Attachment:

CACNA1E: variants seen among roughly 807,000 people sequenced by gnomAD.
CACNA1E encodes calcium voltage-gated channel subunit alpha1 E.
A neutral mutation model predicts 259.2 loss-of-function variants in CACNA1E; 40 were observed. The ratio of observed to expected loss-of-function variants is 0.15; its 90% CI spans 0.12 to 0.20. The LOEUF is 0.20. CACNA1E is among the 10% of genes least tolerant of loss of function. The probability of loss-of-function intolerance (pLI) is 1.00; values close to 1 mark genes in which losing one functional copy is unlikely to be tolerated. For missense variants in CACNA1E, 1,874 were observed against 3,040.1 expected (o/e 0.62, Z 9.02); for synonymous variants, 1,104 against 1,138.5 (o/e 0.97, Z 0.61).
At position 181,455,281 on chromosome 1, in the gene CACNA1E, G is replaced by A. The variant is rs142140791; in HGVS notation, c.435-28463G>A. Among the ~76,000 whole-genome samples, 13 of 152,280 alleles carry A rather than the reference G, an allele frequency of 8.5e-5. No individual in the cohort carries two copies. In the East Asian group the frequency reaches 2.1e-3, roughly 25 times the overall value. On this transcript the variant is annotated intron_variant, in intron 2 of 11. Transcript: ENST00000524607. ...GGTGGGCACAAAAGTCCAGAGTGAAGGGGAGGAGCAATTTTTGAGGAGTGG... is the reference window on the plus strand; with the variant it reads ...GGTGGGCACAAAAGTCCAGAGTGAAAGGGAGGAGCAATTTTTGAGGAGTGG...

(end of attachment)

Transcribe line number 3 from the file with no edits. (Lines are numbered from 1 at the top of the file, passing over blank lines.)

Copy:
A neutral mutation model predicts 259.2 loss-of-function variants in CACNA1E; 40 were observed. The ratio of observed to expected loss-of-function variants is 0.15; its 90% CI spans 0.12 to 0.20. The LOEUF is 0.20. CACNA1E is among the 10% of genes least tolerant of loss of function. The probability of loss-of-function intolerance (pLI) is 1.00; values close to 1 mark genes in which losing one functional copy is unlikely to be tolerated. For missense variants in CACNA1E, 1,874 were observed against 3,040.1 expected (o/e 0.62, Z 9.02); for synonymous variants, 1,104 against 1,138.5 (o/e 0.97, Z 0.61).